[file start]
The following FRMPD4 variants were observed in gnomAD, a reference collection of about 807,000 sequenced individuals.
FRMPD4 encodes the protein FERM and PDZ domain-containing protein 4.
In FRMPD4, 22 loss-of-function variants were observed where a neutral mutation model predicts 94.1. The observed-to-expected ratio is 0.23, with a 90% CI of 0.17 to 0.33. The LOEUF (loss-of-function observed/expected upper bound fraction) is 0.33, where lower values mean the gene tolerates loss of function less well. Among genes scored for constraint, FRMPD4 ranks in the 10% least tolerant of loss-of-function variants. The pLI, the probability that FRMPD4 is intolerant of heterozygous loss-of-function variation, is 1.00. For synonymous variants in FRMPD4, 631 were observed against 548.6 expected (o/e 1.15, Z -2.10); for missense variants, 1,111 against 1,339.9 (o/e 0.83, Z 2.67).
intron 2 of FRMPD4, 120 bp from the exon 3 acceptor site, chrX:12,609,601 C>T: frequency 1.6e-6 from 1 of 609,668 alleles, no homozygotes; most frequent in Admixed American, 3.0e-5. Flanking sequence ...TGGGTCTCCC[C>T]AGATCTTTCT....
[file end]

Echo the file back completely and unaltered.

The following FRMPD4 variants were observed in gnomAD, a reference collection of about 807,000 sequenced individuals.
FRMPD4 encodes the protein FERM and PDZ domain-containing protein 4.
In FRMPD4, 22 loss-of-function variants were observed where a neutral mutation model predicts 94.1. The observed-to-expected ratio is 0.23, with a 90% CI of 0.17 to 0.33. The LOEUF (loss-of-function observed/expected upper bound fraction) is 0.33, where lower values mean the gene tolerates loss of function less well. Among genes scored for constraint, FRMPD4 ranks in the 10% least tolerant of loss-of-function variants. The pLI, the probability that FRMPD4 is intolerant of heterozygous loss-of-function variation, is 1.00. For synonymous variants in FRMPD4, 631 were observed against 548.6 expected (o/e 1.15, Z -2.10); for missense variants, 1,111 against 1,339.9 (o/e 0.83, Z 2.67).
intron 2 of FRMPD4, 120 bp from the exon 3 acceptor site, chrX:12,609,601 C>T: frequency 1.6e-6 from 1 of 609,668 alleles, no homozygotes; most frequent in Admixed American, 3.0e-5. Flanking sequence ...TGGGTCTCCC[C>T]AGATCTTTCT....